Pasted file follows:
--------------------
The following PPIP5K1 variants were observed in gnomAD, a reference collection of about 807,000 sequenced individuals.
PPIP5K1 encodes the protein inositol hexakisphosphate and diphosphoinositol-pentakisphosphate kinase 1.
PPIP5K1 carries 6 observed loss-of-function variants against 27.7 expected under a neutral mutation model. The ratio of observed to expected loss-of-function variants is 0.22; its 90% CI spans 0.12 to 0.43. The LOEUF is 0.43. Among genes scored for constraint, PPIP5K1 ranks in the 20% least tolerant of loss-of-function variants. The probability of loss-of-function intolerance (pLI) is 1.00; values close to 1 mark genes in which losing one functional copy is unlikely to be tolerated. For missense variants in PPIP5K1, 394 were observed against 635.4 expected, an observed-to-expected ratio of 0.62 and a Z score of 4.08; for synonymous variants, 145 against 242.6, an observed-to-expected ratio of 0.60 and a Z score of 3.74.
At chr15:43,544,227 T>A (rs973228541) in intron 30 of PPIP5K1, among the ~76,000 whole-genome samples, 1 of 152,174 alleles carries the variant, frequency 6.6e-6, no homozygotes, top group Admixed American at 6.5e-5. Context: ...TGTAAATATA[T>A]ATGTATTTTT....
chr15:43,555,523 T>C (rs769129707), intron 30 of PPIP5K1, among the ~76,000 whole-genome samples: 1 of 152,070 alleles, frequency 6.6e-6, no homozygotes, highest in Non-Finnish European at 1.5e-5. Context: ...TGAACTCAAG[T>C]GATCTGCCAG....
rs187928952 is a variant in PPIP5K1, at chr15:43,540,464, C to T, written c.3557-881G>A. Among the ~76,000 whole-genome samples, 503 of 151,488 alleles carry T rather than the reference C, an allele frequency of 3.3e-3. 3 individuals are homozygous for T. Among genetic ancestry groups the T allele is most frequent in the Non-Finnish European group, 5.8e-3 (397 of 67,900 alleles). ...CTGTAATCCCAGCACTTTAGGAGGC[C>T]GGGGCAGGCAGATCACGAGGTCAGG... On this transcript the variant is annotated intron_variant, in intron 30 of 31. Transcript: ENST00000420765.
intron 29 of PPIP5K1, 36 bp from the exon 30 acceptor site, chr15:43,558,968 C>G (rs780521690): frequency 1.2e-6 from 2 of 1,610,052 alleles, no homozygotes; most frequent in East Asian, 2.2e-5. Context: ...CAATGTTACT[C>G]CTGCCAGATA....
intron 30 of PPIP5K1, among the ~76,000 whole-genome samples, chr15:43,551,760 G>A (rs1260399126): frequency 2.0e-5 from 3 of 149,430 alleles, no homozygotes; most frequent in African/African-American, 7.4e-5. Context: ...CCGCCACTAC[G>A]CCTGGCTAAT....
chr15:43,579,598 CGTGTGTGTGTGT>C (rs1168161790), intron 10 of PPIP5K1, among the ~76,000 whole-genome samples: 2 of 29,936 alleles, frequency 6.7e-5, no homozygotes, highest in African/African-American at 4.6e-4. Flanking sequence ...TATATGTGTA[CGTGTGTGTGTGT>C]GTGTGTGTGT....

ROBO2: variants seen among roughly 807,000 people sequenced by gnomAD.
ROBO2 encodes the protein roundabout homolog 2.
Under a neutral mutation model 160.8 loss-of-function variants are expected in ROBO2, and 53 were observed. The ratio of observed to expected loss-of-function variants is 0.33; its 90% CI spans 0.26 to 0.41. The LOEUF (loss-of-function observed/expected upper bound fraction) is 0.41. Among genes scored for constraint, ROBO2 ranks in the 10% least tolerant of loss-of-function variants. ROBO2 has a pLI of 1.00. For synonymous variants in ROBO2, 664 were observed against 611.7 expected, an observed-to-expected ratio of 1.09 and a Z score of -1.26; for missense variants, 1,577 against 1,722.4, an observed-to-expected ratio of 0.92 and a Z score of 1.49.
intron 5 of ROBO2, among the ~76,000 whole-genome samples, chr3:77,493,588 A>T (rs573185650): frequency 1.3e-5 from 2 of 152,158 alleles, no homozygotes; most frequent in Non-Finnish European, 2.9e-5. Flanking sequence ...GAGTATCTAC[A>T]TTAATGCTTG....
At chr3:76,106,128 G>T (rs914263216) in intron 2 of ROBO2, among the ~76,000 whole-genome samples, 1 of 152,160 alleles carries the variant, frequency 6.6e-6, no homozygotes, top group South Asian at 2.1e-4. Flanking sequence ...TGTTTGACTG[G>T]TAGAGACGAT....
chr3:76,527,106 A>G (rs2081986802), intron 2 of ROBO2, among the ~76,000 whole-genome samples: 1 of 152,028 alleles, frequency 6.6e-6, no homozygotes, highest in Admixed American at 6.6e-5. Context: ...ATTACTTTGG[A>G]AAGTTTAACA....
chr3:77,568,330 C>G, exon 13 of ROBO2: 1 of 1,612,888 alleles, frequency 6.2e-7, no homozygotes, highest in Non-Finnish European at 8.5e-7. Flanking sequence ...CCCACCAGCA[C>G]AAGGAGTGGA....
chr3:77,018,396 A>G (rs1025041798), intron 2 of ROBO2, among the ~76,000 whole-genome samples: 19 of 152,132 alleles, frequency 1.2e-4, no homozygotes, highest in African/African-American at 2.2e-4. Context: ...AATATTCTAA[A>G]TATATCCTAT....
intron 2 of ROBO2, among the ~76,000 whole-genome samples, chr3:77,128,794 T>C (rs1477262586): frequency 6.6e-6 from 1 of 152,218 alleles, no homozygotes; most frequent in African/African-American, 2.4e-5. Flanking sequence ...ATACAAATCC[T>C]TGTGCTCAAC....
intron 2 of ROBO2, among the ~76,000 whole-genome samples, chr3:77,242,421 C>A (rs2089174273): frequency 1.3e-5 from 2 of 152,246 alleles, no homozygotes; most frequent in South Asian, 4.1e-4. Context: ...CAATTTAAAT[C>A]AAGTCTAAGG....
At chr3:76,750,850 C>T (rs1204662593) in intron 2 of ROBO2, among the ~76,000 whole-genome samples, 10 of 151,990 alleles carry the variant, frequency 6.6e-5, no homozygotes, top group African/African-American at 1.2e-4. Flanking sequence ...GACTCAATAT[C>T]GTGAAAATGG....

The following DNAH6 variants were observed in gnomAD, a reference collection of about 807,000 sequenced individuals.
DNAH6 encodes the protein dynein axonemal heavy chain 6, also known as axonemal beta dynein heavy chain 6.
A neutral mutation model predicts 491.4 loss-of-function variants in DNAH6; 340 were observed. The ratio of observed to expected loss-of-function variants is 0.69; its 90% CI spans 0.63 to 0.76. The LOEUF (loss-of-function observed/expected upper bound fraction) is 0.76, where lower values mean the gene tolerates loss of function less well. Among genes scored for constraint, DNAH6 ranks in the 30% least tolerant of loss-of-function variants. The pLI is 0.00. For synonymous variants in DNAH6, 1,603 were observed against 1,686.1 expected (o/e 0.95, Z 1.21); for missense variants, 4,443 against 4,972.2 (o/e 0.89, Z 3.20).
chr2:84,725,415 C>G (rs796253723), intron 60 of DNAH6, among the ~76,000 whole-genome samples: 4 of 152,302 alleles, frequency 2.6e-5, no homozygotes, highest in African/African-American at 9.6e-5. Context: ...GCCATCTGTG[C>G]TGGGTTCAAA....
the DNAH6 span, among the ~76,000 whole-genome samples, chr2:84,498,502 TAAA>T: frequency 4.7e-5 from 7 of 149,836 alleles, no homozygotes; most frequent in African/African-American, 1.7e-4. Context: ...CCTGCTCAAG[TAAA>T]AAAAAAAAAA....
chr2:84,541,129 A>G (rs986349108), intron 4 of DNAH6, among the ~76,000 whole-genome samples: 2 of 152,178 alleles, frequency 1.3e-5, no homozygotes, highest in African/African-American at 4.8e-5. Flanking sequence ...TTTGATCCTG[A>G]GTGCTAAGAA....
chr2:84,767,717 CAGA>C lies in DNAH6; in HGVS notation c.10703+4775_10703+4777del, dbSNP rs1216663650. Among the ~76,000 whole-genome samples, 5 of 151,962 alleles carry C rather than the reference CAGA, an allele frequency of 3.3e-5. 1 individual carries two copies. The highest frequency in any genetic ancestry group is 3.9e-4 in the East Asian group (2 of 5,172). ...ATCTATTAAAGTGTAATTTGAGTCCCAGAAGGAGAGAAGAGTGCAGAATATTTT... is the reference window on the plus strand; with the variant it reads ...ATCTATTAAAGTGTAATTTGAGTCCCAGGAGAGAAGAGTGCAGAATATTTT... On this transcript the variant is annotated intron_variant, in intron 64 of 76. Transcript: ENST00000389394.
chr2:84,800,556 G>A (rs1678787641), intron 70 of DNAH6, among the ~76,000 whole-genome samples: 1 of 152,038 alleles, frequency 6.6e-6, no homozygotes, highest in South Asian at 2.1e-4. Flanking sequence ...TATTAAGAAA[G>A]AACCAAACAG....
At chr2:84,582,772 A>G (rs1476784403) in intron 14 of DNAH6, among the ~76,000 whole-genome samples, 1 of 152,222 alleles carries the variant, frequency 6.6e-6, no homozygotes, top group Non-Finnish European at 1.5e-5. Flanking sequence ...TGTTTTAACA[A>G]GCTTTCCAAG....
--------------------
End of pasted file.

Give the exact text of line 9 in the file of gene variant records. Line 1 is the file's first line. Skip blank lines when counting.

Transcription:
chr15:43,579,598 CGTGTGTGTGTGT>C (rs1168161790), intron 10 of PPIP5K1, among the ~76,000 whole-genome samples: 2 of 29,936 alleles, frequency 6.7e-5, no homozygotes, highest in African/African-American at 4.6e-4. Flanking sequence ...TATATGTGTA[CGTGTGTGTGTGT>C]GTGTGTGTGT....